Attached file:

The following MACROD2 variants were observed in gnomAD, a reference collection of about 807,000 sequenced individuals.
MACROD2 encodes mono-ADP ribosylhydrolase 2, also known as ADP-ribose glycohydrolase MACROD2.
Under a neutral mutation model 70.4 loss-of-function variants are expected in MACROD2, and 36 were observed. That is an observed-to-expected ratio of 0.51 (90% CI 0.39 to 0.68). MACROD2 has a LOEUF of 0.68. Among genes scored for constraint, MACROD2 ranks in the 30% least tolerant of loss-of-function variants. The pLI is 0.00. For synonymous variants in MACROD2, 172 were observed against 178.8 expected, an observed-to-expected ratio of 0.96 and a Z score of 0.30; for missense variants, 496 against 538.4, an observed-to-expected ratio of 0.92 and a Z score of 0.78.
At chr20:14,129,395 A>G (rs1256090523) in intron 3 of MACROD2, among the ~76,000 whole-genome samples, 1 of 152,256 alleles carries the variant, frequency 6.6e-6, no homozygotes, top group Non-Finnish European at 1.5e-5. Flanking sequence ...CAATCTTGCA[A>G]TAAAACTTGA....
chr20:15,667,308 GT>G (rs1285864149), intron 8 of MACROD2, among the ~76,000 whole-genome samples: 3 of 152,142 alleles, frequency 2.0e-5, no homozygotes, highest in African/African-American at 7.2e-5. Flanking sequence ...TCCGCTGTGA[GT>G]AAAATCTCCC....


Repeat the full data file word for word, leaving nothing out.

The following MACROD2 variants were observed in gnomAD, a reference collection of about 807,000 sequenced individuals.
MACROD2 encodes mono-ADP ribosylhydrolase 2, also known as ADP-ribose glycohydrolase MACROD2.
Under a neutral mutation model 70.4 loss-of-function variants are expected in MACROD2, and 36 were observed. That is an observed-to-expected ratio of 0.51 (90% CI 0.39 to 0.68). MACROD2 has a LOEUF of 0.68. Among genes scored for constraint, MACROD2 ranks in the 30% least tolerant of loss-of-function variants. The pLI is 0.00. For synonymous variants in MACROD2, 172 were observed against 178.8 expected, an observed-to-expected ratio of 0.96 and a Z score of 0.30; for missense variants, 496 against 538.4, an observed-to-expected ratio of 0.92 and a Z score of 0.78.
At chr20:14,129,395 A>G (rs1256090523) in intron 3 of MACROD2, among the ~76,000 whole-genome samples, 1 of 152,256 alleles carries the variant, frequency 6.6e-6, no homozygotes, top group Non-Finnish European at 1.5e-5. Flanking sequence ...CAATCTTGCA[A>G]TAAAACTTGA....
chr20:15,667,308 GT>G (rs1285864149), intron 8 of MACROD2, among the ~76,000 whole-genome samples: 3 of 152,142 alleles, frequency 2.0e-5, no homozygotes, highest in African/African-American at 7.2e-5. Flanking sequence ...TCCGCTGTGA[GT>G]AAAATCTCCC....